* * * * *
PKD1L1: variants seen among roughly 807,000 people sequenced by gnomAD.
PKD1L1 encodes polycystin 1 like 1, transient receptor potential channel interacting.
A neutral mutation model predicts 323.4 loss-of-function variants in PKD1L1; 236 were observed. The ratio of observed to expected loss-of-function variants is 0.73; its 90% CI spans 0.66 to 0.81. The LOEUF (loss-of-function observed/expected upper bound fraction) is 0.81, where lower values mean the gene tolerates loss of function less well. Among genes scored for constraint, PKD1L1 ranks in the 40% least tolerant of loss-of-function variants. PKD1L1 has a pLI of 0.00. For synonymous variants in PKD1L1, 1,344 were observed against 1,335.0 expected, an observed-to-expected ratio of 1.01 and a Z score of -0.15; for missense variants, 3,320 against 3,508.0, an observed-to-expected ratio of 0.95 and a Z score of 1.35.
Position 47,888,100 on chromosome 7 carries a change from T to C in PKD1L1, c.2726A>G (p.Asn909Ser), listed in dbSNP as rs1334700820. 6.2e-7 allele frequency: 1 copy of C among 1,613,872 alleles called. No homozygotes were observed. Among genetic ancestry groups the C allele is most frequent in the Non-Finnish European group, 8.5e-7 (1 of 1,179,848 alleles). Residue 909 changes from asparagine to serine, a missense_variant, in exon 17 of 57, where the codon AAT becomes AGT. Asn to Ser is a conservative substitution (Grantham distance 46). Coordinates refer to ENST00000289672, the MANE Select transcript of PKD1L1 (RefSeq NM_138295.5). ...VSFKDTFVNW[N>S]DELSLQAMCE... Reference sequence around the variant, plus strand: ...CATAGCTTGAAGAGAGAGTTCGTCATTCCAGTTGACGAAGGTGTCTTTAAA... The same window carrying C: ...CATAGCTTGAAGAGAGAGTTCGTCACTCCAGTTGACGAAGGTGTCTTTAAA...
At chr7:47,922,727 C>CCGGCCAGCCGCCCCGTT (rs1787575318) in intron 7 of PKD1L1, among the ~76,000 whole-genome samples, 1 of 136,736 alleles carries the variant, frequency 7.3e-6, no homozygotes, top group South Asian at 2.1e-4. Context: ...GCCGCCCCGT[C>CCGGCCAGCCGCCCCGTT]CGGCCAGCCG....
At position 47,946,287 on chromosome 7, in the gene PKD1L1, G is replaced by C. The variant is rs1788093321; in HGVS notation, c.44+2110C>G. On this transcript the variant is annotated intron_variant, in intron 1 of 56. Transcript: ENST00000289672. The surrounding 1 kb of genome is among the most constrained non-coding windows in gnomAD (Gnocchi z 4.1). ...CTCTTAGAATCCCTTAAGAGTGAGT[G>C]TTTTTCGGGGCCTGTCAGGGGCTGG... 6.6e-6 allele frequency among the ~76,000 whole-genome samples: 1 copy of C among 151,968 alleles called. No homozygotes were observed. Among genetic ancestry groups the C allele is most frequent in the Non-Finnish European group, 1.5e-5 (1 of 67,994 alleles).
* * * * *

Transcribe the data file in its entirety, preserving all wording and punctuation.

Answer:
PKD1L1: variants seen among roughly 807,000 people sequenced by gnomAD.
PKD1L1 encodes polycystin 1 like 1, transient receptor potential channel interacting.
A neutral mutation model predicts 323.4 loss-of-function variants in PKD1L1; 236 were observed. The ratio of observed to expected loss-of-function variants is 0.73; its 90% CI spans 0.66 to 0.81. The LOEUF (loss-of-function observed/expected upper bound fraction) is 0.81, where lower values mean the gene tolerates loss of function less well. Among genes scored for constraint, PKD1L1 ranks in the 40% least tolerant of loss-of-function variants. PKD1L1 has a pLI of 0.00. For synonymous variants in PKD1L1, 1,344 were observed against 1,335.0 expected, an observed-to-expected ratio of 1.01 and a Z score of -0.15; for missense variants, 3,320 against 3,508.0, an observed-to-expected ratio of 0.95 and a Z score of 1.35.
Position 47,888,100 on chromosome 7 carries a change from T to C in PKD1L1, c.2726A>G (p.Asn909Ser), listed in dbSNP as rs1334700820. 6.2e-7 allele frequency: 1 copy of C among 1,613,872 alleles called. No homozygotes were observed. Among genetic ancestry groups the C allele is most frequent in the Non-Finnish European group, 8.5e-7 (1 of 1,179,848 alleles). Residue 909 changes from asparagine to serine, a missense_variant, in exon 17 of 57, where the codon AAT becomes AGT. Asn to Ser is a conservative substitution (Grantham distance 46). Coordinates refer to ENST00000289672, the MANE Select transcript of PKD1L1 (RefSeq NM_138295.5). ...VSFKDTFVNW[N>S]DELSLQAMCE... Reference sequence around the variant, plus strand: ...CATAGCTTGAAGAGAGAGTTCGTCATTCCAGTTGACGAAGGTGTCTTTAAA... The same window carrying C: ...CATAGCTTGAAGAGAGAGTTCGTCACTCCAGTTGACGAAGGTGTCTTTAAA...
At chr7:47,922,727 C>CCGGCCAGCCGCCCCGTT (rs1787575318) in intron 7 of PKD1L1, among the ~76,000 whole-genome samples, 1 of 136,736 alleles carries the variant, frequency 7.3e-6, no homozygotes, top group South Asian at 2.1e-4. Context: ...GCCGCCCCGT[C>CCGGCCAGCCGCCCCGTT]CGGCCAGCCG....
At position 47,946,287 on chromosome 7, in the gene PKD1L1, G is replaced by C. The variant is rs1788093321; in HGVS notation, c.44+2110C>G. On this transcript the variant is annotated intron_variant, in intron 1 of 56. Transcript: ENST00000289672. The surrounding 1 kb of genome is among the most constrained non-coding windows in gnomAD (Gnocchi z 4.1). ...CTCTTAGAATCCCTTAAGAGTGAGT[G>C]TTTTTCGGGGCCTGTCAGGGGCTGG... 6.6e-6 allele frequency among the ~76,000 whole-genome samples: 1 copy of C among 151,968 alleles called. No homozygotes were observed. Among genetic ancestry groups the C allele is most frequent in the Non-Finnish European group, 1.5e-5 (1 of 67,994 alleles).